Seventh Sunday of Easter (Year A)
Homily by Francis J. Caponi, O.S.A.

Acts 1:12-14
Ps 27:1, 4, 7-8
I Pt 4:13-16
Jn 17:1-11a

Television is the very definition of a mixed blessing. It is capable of sending vital information around the globe in an instant; yet, often it spreads only gossip, triviality, and rumor. It can bring us to fascinating, far-off places we will never be able to visit; yet, often it only takes us to neighborhoods we recognize all too well, where no one says anything different or intelligent or uplifting. Through it, we hear the Pope preach the good news in our nation’s capital, we watch the Olympic torch move across the globe, we see creatures swim on the bottom of the sea and galaxies glow at the far reaches of the cosmos; yet, we also confront waves of vulgarity and stupidity in the form of coarse comedies, vapid dramas, and so-called “reality shows.”

Indeed, in most homes with children, you can easily see both sides of this mixed blessing. On the one hand, the television has a place of honor, surrounded by chairs and couches all pointed in its direction. On the other hand, it is programmed with an access code, so that parents can exercise some control over what their children are exposed to. This is why, when I babysit my nieces and nephew, we watch seemingly endless episodes of Hannah Montana and The Suite Life of Zack and Cody; but when they fall asleep, I can’t watch The French Connection or Alien because the movie channels are blocked and I can never remember the code.

I don’t blame my sister and her husband. A parent would have to be crazy to allow children unrestricted access to a television. Because children’s minds are vacuum cleaners, sucking up everything they see and hear, and often without understanding it. And children imitate what they see and hear - sometimes for better, sometimes for worse. My nieces try to sing and dance like Miley Cyrus, and my nephew talks like Homer Simpson. That’s why when I was their age, my mother banned the show Batman. My brothers and I would try to imitate the fights the saw, shouting “Pow!” and “Zap!” and punching one other, clobbering each other over the head leaping off stairs and tables. Not being stunt men, we were soon a mass of wounded, weeping boys. But there we were the next day, at the same Bat Time and the same Bat Channel, ready to do it all again.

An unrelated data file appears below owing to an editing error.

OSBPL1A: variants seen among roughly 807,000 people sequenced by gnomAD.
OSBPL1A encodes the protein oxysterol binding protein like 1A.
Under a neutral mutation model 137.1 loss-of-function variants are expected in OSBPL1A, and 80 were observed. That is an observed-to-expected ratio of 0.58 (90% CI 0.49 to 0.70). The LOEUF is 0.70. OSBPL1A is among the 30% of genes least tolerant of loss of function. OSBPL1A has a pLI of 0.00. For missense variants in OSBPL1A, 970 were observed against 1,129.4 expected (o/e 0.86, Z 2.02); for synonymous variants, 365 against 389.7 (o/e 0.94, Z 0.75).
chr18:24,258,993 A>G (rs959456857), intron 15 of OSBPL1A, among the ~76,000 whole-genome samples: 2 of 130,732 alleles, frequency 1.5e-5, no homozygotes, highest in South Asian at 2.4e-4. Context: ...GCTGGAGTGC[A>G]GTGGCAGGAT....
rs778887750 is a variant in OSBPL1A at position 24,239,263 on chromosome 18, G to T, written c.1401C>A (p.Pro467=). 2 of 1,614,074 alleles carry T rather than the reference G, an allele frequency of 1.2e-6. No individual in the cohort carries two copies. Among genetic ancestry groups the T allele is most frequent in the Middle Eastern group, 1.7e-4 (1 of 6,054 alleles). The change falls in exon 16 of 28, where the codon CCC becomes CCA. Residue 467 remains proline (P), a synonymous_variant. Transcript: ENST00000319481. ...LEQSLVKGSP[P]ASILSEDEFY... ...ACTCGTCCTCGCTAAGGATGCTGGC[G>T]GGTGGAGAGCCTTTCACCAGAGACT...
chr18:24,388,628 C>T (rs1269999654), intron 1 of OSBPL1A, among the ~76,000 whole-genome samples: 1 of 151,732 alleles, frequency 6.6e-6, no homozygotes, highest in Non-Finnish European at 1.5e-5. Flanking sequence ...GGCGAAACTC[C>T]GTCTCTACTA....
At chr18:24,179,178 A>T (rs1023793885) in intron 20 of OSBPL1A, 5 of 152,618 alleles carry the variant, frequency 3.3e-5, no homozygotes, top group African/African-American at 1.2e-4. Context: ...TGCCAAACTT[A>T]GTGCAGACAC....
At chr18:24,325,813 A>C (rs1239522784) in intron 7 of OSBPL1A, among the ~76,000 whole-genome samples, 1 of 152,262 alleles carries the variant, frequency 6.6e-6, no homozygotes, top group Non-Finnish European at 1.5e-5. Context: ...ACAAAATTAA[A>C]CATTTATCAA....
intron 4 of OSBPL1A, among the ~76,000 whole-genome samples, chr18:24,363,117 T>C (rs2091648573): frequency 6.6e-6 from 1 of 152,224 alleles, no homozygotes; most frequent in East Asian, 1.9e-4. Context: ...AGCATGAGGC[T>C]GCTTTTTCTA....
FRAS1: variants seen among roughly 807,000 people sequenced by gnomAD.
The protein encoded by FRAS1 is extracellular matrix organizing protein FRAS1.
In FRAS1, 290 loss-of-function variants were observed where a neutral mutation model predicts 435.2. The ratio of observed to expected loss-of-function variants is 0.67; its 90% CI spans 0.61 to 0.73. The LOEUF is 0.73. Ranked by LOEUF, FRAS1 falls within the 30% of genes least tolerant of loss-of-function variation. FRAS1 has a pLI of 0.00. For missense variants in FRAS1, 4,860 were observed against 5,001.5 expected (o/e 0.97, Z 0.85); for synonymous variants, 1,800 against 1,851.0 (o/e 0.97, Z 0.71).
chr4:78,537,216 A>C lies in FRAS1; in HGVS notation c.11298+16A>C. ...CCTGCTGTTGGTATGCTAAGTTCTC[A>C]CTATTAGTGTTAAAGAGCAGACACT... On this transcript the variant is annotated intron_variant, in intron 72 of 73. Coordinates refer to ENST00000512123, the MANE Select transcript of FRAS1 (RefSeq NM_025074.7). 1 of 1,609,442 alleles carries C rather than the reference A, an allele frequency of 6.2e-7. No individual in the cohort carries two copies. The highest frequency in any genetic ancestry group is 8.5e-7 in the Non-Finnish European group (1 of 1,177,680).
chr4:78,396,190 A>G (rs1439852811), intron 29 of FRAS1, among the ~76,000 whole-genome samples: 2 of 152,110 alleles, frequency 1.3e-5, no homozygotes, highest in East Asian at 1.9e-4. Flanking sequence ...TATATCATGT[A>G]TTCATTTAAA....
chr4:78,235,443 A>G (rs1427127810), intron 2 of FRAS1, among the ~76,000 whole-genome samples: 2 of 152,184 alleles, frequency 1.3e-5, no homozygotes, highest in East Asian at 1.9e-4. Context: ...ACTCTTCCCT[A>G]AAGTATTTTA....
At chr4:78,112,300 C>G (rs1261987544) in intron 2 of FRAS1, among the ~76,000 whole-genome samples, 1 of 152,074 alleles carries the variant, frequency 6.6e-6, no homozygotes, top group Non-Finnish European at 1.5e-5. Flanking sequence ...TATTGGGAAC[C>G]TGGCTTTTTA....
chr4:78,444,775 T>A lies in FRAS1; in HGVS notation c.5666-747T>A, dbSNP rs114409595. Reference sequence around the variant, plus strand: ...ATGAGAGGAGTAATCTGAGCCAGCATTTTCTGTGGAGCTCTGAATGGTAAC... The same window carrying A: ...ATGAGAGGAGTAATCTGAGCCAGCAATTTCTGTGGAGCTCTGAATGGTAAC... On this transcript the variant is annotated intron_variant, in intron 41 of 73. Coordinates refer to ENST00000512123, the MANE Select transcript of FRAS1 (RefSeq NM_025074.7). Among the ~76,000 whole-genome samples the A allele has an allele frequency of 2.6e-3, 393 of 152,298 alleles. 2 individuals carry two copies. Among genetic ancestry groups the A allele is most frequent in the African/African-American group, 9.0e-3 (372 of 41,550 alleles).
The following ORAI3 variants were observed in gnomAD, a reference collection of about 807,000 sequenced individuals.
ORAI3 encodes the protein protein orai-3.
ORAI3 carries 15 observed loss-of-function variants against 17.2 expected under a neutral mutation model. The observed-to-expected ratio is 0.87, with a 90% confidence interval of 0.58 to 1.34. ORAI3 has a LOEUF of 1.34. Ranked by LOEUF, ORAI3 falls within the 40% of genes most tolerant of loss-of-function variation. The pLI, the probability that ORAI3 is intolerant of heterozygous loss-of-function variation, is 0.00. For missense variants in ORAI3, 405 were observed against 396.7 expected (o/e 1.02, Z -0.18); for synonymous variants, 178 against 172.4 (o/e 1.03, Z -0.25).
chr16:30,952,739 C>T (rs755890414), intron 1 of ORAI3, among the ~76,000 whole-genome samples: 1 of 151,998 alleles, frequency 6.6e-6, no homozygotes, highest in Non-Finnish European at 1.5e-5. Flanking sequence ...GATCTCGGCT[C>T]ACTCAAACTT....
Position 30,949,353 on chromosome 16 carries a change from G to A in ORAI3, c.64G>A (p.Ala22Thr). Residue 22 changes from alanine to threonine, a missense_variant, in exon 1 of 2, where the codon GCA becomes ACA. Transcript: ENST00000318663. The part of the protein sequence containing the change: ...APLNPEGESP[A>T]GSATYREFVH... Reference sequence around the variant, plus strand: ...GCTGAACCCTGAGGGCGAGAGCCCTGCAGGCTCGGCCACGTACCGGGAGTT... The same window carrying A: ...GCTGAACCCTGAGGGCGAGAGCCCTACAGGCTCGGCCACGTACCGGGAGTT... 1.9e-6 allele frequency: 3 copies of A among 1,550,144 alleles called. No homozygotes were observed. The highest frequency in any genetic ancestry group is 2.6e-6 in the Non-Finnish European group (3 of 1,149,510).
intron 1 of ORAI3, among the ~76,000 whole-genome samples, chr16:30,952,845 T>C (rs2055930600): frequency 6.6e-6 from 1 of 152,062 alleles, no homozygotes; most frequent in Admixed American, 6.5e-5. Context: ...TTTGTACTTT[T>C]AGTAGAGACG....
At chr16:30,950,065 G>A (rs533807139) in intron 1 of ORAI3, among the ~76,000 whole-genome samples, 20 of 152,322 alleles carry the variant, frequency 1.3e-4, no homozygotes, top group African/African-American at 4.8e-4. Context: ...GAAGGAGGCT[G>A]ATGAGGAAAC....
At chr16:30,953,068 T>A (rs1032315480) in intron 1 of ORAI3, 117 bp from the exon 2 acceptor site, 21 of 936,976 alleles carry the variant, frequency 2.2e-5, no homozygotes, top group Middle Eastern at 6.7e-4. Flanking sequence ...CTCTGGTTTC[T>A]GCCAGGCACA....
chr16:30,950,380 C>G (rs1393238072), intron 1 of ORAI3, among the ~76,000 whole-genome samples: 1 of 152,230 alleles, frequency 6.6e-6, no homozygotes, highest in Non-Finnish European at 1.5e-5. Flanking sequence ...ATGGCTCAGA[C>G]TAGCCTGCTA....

Good parents want their children to have good examples, because children imitate what they see and hear. God wants us to have a good example, so that we can imitate what we see and hear. And So He sent His Son to shine forth in a sinful world. The television that gives children so many bad words and attitudes to imitate does the same for adults. There we see selfishness celebrated, excess extolled, and gossip glamorized. Television, and the movies, and books, and our neighborhoods and workplaces, and perhaps even our homes, provide us with plenty of bad examples. So God sends His Son for us to see, to hear, to imitate.